Blogs Can Both Help and Hurt Kids

Posted on October 3, 2005

On the plus side, blogs are beneficial as a learning tool. Blogs can encourage writing, journalism and improve communication skills. A recent article in the Philadelphia Inquirer explains some ways blogging can be used in classroom settings.
When it works well as an educational tool, blogging involves students in content, critical reading, and thoughtful, reflective writing.

David Warlick, educational technology consultant, author and director of the Landmark Project, sees blogs as strategies for encouraging writing. When blogs are effective, students write for an audience and receive authentic response.

Warlick notes that blog writing might occasionally warrant a more casual approach. Traditional writing assignments are "for teacher's eyes only. We are teaching rules and syntax and students have to follow rules. Blogging is much more about communication and kids are all about communication."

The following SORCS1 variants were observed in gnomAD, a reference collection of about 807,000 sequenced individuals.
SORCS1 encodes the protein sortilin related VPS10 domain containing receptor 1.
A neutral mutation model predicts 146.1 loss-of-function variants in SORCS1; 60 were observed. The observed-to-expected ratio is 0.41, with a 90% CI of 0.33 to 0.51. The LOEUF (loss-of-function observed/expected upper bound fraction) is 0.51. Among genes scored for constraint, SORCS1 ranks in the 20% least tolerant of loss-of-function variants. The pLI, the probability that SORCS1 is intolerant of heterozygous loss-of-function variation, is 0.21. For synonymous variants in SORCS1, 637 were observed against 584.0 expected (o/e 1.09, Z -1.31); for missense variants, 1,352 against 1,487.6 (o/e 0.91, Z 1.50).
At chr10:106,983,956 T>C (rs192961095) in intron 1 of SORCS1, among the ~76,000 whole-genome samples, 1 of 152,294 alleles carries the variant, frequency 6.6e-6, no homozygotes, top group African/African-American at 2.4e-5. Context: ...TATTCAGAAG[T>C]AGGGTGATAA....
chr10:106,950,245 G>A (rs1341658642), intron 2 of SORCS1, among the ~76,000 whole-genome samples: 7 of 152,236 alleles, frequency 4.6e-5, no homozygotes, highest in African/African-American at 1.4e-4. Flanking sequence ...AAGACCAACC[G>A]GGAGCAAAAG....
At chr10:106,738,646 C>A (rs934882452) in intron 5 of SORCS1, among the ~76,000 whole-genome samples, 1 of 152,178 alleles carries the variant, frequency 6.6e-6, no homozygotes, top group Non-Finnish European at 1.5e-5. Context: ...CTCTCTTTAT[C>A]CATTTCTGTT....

The article also includes links to several school and teachers using blogs as well as resources that contain lists of article and resources about using blogs and wikis in education.

On the negative side, a few kids are also using blogs to tease or ridicule others -- a cruel usage of blogs known as cyberbullying. A recent Times Online article explained how cyberbullies spread fear.
Researchers who have studied teenage internet use have discovered websites where children vote for the ugliest, most unpopular or fattest girl in their school. "As teenagers increasingly turn to blogs, some of these diaries have become a hotbed of cruelties," Aftab added.

On one popular website, a 17-year-old boy invited his friends to "take a moment and really think about who you hate in our school, then choose the one that you have the most disdain for and write it here for all to see". His message drew 240 replies and featured everyone from "that stupid blind girl" to a school dinner lady.
Several resources have been set up to help parents and kids better understand cyberbullying and web technologies. A couple of these include Wired Safety and Stop Cyberbullying.